Since 1987 the Kelleys have amassed an art collection that represents a kaleidoscopic view of African-American life and cultural history from the 19th to 21st centuries. In this podcast, recorded on February 22, 2009, at the National Gallery of Art, Willis speaks to the Kelleys about their passion and determination to build a collection that advances and preserves the legacy of African American art. (67:00 mins.)

Augustus Saint-Gaudens and the Shaw Memorial
Filmmaker Paul G. Sanderson III and Gregory C. Schwarz, chief of interpretation, Saint-Gaudens National Historic Site, Cornish, NH
The monumental plaster model for one of the greatest works of American sculpture, Augustus Saint-Gaudens' Memorial to Robert Gould Shaw and the Massachusetts Fifty-fourth Regiment, is on view in the National Gallery of Art. In this podcast, Schwarz talks to Sanderson about the filmmaker's new documentary exploring the life and work of one of America's most renowned sculptors. (15:41 mins.)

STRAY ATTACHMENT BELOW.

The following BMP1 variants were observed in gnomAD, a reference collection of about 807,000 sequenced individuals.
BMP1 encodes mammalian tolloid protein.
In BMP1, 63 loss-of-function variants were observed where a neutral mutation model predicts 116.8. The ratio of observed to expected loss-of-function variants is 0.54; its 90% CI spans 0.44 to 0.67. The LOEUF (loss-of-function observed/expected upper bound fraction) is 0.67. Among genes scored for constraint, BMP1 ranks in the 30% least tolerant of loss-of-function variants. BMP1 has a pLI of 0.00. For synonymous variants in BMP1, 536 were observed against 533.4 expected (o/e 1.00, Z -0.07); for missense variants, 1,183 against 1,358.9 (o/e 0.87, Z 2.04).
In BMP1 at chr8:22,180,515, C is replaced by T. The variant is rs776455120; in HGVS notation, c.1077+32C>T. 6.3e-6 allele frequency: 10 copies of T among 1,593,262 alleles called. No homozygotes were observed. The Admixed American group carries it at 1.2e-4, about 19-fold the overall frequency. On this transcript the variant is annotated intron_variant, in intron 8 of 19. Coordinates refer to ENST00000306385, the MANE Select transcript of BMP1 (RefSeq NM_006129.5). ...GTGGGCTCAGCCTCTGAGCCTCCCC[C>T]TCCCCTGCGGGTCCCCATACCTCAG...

Ritz Chamber Players
Program: Music by Dvorak, Mozart, and Villa-Lobos
The Ritz Chamber Players, the only all-African American professional chamber music ensemble, play masterworks of 18th-, 19th-, and 20th-century chamber music in concert at the National Gallery of Art. Members of the ensemble performing in this podcast are Kelly Hall-Tompkins, violin, Amadi Azikiwe, viola, Tahira Whittington, cello, Judy Dines, flute, and Terrence Wilson, piano. (71:11 mins.)